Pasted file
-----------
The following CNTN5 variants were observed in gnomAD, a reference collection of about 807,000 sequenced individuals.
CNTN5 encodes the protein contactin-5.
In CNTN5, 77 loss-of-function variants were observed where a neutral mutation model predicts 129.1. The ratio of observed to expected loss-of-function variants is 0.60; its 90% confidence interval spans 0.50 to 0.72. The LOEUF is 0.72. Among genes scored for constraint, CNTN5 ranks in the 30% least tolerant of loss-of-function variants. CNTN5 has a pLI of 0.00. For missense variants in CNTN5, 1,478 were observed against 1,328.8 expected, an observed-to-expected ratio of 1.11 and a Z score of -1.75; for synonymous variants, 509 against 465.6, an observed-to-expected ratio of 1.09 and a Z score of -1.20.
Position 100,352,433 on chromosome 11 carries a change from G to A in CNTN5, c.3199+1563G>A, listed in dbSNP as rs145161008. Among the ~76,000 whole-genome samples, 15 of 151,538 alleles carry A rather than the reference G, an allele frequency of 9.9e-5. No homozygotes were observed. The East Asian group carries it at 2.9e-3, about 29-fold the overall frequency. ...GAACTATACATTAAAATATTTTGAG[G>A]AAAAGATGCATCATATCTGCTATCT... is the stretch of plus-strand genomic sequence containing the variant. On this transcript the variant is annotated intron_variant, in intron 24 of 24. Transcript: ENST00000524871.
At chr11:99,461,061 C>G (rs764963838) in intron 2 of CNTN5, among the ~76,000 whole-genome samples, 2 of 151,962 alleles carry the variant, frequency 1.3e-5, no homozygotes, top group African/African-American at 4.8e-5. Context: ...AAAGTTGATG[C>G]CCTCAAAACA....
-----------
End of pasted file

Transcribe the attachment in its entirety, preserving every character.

The following CNTN5 variants were observed in gnomAD, a reference collection of about 807,000 sequenced individuals.
CNTN5 encodes the protein contactin-5.
In CNTN5, 77 loss-of-function variants were observed where a neutral mutation model predicts 129.1. The ratio of observed to expected loss-of-function variants is 0.60; its 90% confidence interval spans 0.50 to 0.72. The LOEUF is 0.72. Among genes scored for constraint, CNTN5 ranks in the 30% least tolerant of loss-of-function variants. CNTN5 has a pLI of 0.00. For missense variants in CNTN5, 1,478 were observed against 1,328.8 expected, an observed-to-expected ratio of 1.11 and a Z score of -1.75; for synonymous variants, 509 against 465.6, an observed-to-expected ratio of 1.09 and a Z score of -1.20.
Position 100,352,433 on chromosome 11 carries a change from G to A in CNTN5, c.3199+1563G>A, listed in dbSNP as rs145161008. Among the ~76,000 whole-genome samples, 15 of 151,538 alleles carry A rather than the reference G, an allele frequency of 9.9e-5. No homozygotes were observed. The East Asian group carries it at 2.9e-3, about 29-fold the overall frequency. ...GAACTATACATTAAAATATTTTGAG[G>A]AAAAGATGCATCATATCTGCTATCT... is the stretch of plus-strand genomic sequence containing the variant. On this transcript the variant is annotated intron_variant, in intron 24 of 24. Transcript: ENST00000524871.
At chr11:99,461,061 C>G (rs764963838) in intron 2 of CNTN5, among the ~76,000 whole-genome samples, 2 of 151,962 alleles carry the variant, frequency 1.3e-5, no homozygotes, top group African/African-American at 4.8e-5. Context: ...AAAGTTGATG[C>G]CCTCAAAACA....